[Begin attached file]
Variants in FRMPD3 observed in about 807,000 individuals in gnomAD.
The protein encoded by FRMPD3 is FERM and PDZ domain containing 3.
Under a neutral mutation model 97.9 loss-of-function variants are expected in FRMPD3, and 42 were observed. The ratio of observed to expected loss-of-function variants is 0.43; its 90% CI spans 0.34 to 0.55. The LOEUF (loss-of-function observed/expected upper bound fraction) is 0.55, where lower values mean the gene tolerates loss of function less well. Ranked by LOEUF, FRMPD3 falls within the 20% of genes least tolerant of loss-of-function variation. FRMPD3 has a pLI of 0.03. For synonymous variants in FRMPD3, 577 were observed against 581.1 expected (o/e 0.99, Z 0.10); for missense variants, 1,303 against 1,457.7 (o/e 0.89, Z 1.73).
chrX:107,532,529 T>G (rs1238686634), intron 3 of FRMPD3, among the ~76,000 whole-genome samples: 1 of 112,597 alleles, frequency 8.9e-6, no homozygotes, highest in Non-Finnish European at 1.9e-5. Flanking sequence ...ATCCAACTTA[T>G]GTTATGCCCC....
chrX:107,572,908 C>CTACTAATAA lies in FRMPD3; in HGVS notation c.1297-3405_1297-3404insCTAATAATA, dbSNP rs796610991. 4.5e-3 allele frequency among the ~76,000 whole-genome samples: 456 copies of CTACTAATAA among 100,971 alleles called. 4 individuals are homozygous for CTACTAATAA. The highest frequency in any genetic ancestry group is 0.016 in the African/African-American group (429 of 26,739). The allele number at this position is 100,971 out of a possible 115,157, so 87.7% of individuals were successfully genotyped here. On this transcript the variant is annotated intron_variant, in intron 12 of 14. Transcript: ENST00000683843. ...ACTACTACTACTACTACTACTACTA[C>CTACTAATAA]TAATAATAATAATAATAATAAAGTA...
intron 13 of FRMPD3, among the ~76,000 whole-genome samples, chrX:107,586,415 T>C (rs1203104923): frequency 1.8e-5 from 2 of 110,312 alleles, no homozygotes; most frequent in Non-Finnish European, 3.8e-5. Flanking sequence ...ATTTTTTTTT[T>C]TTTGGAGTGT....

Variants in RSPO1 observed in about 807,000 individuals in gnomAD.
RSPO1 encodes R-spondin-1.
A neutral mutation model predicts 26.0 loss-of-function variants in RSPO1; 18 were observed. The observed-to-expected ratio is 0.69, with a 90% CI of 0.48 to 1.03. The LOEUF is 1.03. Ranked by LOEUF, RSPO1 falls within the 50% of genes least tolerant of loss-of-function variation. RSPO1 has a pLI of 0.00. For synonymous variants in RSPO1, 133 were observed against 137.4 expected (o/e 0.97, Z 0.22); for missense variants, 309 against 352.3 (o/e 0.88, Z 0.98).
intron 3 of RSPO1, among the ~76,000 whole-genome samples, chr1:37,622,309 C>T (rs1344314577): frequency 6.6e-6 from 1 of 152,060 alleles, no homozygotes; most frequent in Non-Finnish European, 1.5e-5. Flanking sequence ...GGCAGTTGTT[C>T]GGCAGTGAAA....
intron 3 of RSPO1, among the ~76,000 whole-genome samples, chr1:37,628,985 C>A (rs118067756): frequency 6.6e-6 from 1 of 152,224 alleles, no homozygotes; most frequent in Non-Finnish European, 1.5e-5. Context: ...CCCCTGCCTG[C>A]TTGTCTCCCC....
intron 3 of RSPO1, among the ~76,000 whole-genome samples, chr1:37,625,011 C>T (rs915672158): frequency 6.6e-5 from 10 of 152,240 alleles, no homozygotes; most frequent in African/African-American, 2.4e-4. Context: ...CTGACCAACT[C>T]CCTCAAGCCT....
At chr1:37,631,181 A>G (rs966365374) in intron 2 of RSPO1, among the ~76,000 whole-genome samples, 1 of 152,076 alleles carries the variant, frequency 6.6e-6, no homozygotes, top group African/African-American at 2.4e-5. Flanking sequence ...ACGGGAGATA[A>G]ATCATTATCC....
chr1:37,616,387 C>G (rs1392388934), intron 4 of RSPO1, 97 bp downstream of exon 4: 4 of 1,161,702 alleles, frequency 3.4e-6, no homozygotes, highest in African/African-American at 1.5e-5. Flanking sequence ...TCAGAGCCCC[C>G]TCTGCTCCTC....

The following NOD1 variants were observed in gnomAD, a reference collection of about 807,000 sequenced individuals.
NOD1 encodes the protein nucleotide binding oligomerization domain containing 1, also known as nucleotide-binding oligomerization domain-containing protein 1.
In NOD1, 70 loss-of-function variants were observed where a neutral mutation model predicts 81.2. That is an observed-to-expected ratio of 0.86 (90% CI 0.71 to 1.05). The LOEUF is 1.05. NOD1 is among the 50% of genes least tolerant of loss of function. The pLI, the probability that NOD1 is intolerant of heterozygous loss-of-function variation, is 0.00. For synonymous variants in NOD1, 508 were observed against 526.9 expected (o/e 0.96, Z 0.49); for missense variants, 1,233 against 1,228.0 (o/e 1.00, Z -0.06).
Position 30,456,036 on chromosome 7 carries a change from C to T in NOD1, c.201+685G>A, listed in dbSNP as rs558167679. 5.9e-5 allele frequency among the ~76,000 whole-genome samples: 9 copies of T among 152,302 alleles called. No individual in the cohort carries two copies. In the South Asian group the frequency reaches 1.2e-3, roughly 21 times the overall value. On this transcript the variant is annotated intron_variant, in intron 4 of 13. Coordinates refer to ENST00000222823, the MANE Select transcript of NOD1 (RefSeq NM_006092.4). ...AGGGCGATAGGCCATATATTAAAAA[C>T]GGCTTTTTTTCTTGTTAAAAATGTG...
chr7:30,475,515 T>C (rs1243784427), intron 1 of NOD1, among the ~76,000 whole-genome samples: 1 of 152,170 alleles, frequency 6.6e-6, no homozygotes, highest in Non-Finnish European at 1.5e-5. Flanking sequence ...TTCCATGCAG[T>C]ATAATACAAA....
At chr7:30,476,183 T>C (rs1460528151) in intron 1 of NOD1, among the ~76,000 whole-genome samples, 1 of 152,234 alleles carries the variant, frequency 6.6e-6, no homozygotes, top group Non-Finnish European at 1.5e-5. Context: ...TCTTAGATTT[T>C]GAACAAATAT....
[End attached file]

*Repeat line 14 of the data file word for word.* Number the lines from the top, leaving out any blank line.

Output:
chr1:37,616,387 C>G (rs1392388934), intron 4 of RSPO1, 97 bp downstream of exon 4: 4 of 1,161,702 alleles, frequency 3.4e-6, no homozygotes, highest in African/African-American at 1.5e-5. Flanking sequence ...TCAGAGCCCC[C>G]TCTGCTCCTC....